Next: , Up: Conditional Syntax   [Contents][Index] The #ifdef directive

The simplest sort of conditional is

#ifdef MACRO

controlled text

#endif /* MACRO */

This block is called a conditional group. The body, controlled text, will be included in compilation if and only if MACRO is defined. We say that the conditional succeeds if MACRO is defined, fails if it is not.

The controlled text inside a conditional can include preprocessing directives. They are executed only if the conditional succeeds. You can nest conditional groups inside other conditional groups, but they must be completely nested. In other words, #endif always matches the nearest #ifdef (or #ifndef, or #if). Also, you cannot start a conditional group in one file and end it in another.

Even if a conditional fails, the controlled text inside it is still run through initial transformations and tokenization. Therefore, it must all be lexically valid C. Normally the only way this matters is that all comments and string literals inside a failing conditional group must still be properly ended.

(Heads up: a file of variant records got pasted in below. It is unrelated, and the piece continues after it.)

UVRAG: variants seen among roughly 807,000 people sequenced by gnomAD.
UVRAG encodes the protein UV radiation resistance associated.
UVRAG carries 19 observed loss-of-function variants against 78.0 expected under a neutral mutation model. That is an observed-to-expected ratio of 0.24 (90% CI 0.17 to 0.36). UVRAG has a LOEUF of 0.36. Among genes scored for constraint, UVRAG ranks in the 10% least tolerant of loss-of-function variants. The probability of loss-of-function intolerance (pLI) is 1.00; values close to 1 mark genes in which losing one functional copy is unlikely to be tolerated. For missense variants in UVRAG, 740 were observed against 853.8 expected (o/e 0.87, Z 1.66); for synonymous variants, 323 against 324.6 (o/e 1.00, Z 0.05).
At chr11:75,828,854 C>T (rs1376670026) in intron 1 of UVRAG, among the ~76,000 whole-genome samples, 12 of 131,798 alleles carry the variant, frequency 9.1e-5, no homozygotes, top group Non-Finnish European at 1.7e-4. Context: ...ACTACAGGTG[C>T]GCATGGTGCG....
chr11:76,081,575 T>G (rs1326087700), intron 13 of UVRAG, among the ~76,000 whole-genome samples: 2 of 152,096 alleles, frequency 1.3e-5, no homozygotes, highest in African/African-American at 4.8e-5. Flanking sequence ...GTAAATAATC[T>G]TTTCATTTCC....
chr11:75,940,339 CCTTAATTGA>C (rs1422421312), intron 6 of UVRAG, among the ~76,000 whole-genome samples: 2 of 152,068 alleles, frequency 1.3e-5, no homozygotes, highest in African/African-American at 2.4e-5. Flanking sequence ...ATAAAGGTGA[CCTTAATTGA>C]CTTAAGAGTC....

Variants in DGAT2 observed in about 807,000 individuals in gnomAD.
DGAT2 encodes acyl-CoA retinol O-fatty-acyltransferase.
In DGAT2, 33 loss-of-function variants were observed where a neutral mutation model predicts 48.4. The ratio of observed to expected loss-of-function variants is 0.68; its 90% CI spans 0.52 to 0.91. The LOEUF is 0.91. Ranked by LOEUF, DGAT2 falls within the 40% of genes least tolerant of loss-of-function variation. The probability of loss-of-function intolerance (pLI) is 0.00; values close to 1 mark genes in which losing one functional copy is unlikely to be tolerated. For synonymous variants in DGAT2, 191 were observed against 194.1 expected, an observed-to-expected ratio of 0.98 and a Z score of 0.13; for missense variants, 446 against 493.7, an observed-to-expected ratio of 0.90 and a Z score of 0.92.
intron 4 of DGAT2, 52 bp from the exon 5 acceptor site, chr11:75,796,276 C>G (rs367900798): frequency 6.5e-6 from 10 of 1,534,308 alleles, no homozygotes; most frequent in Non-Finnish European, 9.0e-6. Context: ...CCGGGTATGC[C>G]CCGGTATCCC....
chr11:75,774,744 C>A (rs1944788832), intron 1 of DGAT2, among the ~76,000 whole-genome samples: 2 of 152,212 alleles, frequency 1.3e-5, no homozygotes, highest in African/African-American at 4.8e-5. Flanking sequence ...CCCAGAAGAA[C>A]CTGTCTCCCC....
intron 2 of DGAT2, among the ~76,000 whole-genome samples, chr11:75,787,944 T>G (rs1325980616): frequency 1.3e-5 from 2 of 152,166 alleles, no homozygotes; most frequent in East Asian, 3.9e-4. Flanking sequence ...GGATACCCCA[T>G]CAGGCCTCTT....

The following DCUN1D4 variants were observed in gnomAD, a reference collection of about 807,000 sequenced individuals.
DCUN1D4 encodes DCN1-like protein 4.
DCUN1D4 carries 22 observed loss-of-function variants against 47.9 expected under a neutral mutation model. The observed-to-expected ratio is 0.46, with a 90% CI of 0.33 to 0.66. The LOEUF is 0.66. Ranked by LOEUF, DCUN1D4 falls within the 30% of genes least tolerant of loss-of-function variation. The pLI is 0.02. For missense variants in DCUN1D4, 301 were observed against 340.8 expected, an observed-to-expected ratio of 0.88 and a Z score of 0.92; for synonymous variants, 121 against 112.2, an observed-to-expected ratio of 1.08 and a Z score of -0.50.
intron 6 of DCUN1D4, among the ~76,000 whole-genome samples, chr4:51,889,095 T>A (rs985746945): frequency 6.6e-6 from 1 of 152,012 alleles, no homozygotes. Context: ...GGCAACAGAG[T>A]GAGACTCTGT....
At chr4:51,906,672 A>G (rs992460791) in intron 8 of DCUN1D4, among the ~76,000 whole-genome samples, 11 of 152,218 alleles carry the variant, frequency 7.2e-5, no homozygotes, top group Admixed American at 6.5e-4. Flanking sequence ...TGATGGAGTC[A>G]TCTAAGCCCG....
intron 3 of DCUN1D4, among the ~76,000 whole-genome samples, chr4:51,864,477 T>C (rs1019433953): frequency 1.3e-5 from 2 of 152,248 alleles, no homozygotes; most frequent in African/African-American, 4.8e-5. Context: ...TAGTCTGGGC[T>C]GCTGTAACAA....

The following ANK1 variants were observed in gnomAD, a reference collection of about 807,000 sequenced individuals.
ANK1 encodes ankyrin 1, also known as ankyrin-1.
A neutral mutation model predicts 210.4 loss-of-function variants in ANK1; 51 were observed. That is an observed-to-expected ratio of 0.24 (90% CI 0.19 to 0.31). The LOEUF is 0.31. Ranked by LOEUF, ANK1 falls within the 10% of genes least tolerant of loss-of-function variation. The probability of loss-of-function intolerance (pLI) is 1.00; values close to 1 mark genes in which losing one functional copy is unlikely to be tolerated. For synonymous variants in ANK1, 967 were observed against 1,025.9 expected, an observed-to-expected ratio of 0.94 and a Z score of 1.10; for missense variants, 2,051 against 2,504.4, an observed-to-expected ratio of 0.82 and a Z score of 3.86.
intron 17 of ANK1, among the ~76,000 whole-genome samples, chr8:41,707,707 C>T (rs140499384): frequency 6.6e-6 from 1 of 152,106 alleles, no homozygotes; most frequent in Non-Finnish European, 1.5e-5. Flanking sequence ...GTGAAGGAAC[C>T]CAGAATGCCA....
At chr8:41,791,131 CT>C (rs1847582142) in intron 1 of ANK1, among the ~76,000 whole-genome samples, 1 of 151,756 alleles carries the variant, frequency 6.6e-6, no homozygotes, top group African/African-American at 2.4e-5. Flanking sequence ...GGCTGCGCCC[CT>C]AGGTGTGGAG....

The comment following the #endif is not required, but it is a good practice if there is a lot of controlled text, because it helps people match the #endif to the corresponding #ifdef.

Older programs sometimes put macro directly after the #endif without enclosing it in a comment. This is invalid code according to the C standard, but it only causes a warning in GNU C. It never affects which #ifndef the #endif matches.

Sometimes you wish to use some code if a macro is not defined. You can do this by writing #ifndef instead of #ifdef. One common use of #ifndef is to include code only the first time a header file is included. See Once-Only Headers.

Macro definitions can vary between compilations for several reasons. Here are some samples.

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